Semantics for HTML tables have not been exposed to VoiceOver at all so far. This is changing in Firefox 41. Modeled after what Webkit exposes, table structures are now exposed including headers, row and column counts, and VoiceOver navigation among cells is also possible. Thanks to Frédéric for doing the heavy-lifting on this one! 🙂
Various more element roles
In a cumulative patch, I rolled out improvements and additions to what roles, subroles, and roleDescriptions are exposed for various HTML and WAI-ARIA roles. Some of them were already there, but wrong, and others hadn’t been present at all yet. All of these are modeled after what Webkit exposes. And since none of this is properly documented anywhere, the only way to get at this information is to read Webkit’s source code. 🙂
You can expect to see better exposure for things like alert, alertdialog, ARIA grid-related roles, and other elements and widgets that weren’t quite right yet.
Frédéric did a lot of work to properly expose MathML elements in an accessible form for OS X in this release. His over-all MathML project for Gecko encompasses more than just OS X. He documents it on his blog in part 1 and part 2 here. This project is still on-going.
In the case of OS X support, we should be close to, if not identical, to what Safari exposes to VoiceOver. So hopefully, reading MathML in Firefox with VoiceOver gives the same information as VoiceOver would give in Safari. Note that we have no control over what VoiceOver actually speaks, we can only control what we expose.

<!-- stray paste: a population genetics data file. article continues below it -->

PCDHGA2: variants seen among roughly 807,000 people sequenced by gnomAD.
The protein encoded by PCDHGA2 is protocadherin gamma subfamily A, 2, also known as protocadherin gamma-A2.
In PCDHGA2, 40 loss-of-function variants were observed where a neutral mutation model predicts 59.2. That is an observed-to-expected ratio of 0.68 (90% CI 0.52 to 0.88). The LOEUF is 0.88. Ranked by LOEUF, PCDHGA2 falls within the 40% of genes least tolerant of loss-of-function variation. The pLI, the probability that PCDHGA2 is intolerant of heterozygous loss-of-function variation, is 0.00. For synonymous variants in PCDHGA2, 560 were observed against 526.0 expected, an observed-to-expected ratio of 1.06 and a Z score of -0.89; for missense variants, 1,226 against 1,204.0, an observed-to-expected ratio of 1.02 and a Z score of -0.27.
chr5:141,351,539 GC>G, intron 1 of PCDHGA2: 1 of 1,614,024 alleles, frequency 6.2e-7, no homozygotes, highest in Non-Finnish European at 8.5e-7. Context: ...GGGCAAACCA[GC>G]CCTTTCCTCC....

If you’re more interested in the progress on the MathML support, I suggest you follow Frédéric’s blog as he progresses through his project with us.
So, are we done yet?
Unfortunately not. Especially one remaining big bug is that we still don’t handle Apple’s rather complicated text interface right. The consequence is that typing into fields works, but re-reading what you typed doesn’t. We do have some text-related exposure, but that is either wrong, outdated, or doesn’t work for some other reason. Unfortunately, we’re still tight on resources. So if anyone wants to step up and contribute a patch for this, she or he is more than welcome to do so! Here’s the bug!
But there are other things that still prevent me (and probably most others) from using Firefox for Mac on a daily basis with VoiceOver. One is a really annoying one. Even though we did have a patch for it, the event we’re firing still doesn’t tell VoiceOver that a page finished loading.
But there’s more. We still are slower than I’d like us to be, especially on busy pages. And we don’t expose any WAI-ARIA live region stuff yet, including in alerts (which at least now have correct roles and subroles). So if you have free time to contribute and would like help out on any of these, please get in touch, and we can take it from there!
The stuff that made it into Firefox 41 is a big step forward. We made that room to improve just that bit smaller! Yay! There’s still a lot of it left, though. But at least some progress was made. If you feel brave and want to test this in Firefox 41 and above when it comes out as a release, feedback is always welcome. I cannot promise when we can actually act on it, but we’ll at least get it recorded and on our radar. So keep the feedback coming, as always!